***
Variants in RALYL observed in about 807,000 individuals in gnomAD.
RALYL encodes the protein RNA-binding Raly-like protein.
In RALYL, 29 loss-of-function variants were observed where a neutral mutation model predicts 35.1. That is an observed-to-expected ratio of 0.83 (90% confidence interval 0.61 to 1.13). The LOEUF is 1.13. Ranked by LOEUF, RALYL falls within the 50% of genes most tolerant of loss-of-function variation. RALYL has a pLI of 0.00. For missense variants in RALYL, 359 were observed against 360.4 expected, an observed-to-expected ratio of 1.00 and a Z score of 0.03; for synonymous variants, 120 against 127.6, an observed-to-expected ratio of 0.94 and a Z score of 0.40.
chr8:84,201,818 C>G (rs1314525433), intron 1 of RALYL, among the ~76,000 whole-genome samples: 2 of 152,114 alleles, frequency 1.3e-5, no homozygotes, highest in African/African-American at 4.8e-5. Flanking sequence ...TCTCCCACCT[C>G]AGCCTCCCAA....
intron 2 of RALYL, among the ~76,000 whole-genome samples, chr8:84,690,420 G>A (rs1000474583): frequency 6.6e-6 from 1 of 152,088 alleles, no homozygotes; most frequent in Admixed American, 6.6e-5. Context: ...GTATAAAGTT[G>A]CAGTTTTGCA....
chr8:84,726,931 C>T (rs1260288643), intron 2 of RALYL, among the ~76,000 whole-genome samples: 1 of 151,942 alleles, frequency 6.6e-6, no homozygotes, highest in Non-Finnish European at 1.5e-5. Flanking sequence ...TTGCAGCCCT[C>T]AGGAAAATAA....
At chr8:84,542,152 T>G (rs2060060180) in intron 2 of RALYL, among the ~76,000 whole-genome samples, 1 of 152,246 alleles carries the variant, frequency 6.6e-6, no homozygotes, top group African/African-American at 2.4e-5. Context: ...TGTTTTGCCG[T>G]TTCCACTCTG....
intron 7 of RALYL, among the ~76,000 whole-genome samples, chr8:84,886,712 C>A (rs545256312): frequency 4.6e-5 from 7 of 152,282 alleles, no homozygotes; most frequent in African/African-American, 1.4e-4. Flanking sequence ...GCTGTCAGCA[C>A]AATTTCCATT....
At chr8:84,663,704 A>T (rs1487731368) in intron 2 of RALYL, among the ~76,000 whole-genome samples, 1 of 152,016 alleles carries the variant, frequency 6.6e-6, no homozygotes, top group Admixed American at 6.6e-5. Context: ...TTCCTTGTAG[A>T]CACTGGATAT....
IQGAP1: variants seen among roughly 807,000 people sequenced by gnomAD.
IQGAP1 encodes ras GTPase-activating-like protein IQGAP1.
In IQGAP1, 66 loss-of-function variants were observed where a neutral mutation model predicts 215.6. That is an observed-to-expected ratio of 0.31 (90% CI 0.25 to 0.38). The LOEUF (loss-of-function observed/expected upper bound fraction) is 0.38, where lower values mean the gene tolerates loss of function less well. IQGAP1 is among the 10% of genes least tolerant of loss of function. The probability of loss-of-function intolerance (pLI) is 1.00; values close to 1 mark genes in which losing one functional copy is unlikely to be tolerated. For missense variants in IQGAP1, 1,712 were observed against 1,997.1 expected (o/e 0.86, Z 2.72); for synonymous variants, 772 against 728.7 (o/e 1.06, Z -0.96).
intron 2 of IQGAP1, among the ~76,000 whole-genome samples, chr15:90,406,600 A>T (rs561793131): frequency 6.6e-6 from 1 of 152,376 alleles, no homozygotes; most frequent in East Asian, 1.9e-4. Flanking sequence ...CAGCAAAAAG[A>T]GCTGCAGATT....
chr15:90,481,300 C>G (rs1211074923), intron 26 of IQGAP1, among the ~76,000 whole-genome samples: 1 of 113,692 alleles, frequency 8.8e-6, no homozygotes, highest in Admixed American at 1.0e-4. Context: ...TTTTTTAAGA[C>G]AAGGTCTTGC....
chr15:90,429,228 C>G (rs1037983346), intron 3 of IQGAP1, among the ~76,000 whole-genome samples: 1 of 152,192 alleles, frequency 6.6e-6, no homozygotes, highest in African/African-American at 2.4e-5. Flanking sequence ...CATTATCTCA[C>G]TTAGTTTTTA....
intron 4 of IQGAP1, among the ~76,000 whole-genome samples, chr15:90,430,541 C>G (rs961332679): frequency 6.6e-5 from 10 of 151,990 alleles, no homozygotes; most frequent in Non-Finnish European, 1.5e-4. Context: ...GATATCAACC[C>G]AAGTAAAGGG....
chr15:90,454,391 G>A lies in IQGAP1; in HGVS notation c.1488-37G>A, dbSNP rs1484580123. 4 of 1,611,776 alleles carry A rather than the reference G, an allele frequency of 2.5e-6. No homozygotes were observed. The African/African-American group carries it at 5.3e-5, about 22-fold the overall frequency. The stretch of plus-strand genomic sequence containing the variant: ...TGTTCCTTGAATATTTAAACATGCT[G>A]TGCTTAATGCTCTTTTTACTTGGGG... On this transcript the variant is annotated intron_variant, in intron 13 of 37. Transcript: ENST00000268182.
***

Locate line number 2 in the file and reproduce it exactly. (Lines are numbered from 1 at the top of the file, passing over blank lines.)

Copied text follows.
RALYL encodes the protein RNA-binding Raly-like protein.